Slide 11 shows LNG imports by country on a trailing 12-month basis. Year-over-year, LNG demand grew by 38 million tonnes or 13%. China posted the largest increase in absolute volumes, importing over 31% more LNG year-over-year, as gas continues to increase its share of the overall energy mix.

In addition to strong Chinese demand, LNG growth was broad-based. For example, European demand grew by 68% year-over-year, bolstered by declining indigenous gas production and continued coal-to-gas switching for power generation.

Slide 12 shows Wood Mackenzie's expected net LNG demand growth of nearly 150 million tonnes between 2018 and 2025. It's important to note that Asia, excluding China, plus Europe, together account for nearly 2/3 of the projected LNG demand growth through 2025.

Turning to Slide 13. Over 21 million tonnes of new LNG capacity is scheduled to begin production in 2019, primarily from U.S. projects, which are expected to have a significant impact on ton-mile demand. Overall, approximately 107 million tonnes of new capacity is scheduled to start production from 2019 through 2024, including Sabine Pass Train 6 and Mozambique LNG, both of which took FID in the second quarter of 2019. The LNG supply picture continues to be dynamic and growing. Wood Mackenzie forecast that, including projects already sanctioned, approximately 80 million tonnes of LNG capacity will reach FID in 2019. Slide 14 shows how U.S. exports have positively impacted shipping demand. Since 2016, an average of 1.8 ships have been required for 8 million tonnes per annum of U.S. exports, a positive development for shipping demand, particularly considering the significant amount of U.S. liquefaction capacity expected to be online by the end of 2020, approximately half of which has been sold on a multiyear basis to Asian buyers.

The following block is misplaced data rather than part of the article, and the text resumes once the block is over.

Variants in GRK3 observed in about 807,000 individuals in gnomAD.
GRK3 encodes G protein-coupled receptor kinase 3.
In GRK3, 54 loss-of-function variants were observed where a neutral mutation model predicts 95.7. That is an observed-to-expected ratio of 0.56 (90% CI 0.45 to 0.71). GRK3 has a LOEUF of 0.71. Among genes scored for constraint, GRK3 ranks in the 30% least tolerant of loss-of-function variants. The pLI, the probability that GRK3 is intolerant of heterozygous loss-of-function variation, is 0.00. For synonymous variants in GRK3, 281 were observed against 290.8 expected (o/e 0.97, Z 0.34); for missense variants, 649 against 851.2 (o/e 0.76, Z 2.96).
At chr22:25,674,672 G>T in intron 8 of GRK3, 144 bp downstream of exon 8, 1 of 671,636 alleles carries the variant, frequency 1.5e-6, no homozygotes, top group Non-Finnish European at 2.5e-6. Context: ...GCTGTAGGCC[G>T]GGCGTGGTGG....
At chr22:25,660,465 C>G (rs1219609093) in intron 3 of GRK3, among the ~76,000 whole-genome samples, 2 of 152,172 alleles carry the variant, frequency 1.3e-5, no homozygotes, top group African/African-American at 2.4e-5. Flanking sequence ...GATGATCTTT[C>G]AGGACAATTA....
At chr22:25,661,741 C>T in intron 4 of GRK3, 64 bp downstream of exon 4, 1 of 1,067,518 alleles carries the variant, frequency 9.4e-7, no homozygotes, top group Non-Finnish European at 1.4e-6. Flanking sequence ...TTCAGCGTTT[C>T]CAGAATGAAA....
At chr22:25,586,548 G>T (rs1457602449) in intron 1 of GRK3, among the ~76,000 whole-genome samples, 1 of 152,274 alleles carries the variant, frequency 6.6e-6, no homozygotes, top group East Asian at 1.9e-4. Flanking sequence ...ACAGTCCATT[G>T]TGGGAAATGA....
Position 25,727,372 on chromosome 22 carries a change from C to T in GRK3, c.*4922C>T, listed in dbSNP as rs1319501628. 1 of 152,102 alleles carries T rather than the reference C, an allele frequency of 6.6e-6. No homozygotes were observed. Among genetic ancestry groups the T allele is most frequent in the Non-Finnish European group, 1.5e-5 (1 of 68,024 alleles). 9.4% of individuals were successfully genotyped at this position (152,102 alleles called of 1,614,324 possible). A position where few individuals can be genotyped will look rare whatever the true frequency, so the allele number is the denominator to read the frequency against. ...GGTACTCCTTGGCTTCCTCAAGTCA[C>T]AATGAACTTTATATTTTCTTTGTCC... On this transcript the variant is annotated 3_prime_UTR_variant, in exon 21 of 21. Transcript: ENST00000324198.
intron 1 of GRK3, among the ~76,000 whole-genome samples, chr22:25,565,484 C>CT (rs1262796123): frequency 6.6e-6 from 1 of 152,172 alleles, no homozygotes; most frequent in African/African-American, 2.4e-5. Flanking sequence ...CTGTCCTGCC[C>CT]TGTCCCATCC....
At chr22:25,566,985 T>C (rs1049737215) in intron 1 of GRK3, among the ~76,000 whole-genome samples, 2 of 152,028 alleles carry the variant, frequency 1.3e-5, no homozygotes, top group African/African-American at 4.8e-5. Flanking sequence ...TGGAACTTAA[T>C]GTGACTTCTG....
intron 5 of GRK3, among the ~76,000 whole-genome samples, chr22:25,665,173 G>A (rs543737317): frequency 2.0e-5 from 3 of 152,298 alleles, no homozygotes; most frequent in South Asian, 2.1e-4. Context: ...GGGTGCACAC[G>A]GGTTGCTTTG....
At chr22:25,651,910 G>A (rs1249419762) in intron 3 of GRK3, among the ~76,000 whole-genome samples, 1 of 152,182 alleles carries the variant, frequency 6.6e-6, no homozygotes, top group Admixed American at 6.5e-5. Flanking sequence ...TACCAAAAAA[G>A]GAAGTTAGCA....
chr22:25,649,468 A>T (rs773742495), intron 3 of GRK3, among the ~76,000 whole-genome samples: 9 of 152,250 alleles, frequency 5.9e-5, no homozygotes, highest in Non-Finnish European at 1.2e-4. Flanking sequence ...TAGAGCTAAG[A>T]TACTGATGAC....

Slide 15 illustrates our view of shipping supply and demand through the end of 2020, based on Wood Mackenzie and Poten data. As you can see, the market is expected to be structurally tighter through at least the end of 2020, based on Wood Mackenzie's latest quarterly LNG supply and demand estimates and the underwater fleet -- shipping fleet, plus scheduled vessel deliveries.

Slide 16 compares weekly average headline spot rates for TFDE carriers with a number of immediately available spot ships. It shows a natural and inverse relationship, where spot rates rise as shipping availability declines. The chart indicates that over the last 2 years and following seasonally weak months in early summer, the number of available prompt ships in the spot market declined as demand for shipping increased to meet seasonal demand for LNG ahead of and during the Northern Hemisphere winter.

On Slide 17, the left panel shows the monthly average headline spot rates for TFDE carriers during 2018 and 2019, while the right panel shows the monthly average from 2011 through 2018. While the absolute values may differ, the trend in 2018 and '19 has closely followed previously observed seasonal patterns, with headline spot rates generally bottoming in early spring and peaking in the fourth quarter.

As the historical data on this chart suggests, we can expect the market to return to higher LNG shipping activity levels and stronger spot rates as we move into the heating season in the Northern Hemisphere winter, new large LNG projects, especially in the U.S., and to production.

Slide 18 shows how periods of spot market strength and weakness have historically influenced activity for multiyear charters. Last year was no exception as a record number of charters greater than 6 months were reported, while spot rates for LNG carriers set all-time highs.

More recently, 13 charters between 6 months and 3 years in duration, were reported in the second quarter of 2019, despite spot rate weakness. Additionally, brokers currently assess the 1-year time charter rate at approximately $85,000 per day, in contrast to the current headline spot rates of $65,000 per day, indicating expectations for a tighter market over the coming quarters.

We anticipate that there will be ample opportunity to recharter our ships on attractive terms as the LNG carrier market improves during 2019 and 2020.

Slide 19 revisits our target to more than double consolidated EBITDAR over the 2017 to '22 period. This target encapsulates the key themes from today's presentation, in-build growth from our new buildings, recent commercial successes, cost control and an expectation of a tightening spot market. With trailing 12-month EBITDA of $476 million in the second quarter, already 34% ahead of 2017's EBITDA, we are making good progress towards this target to the benefit of all our stakeholders.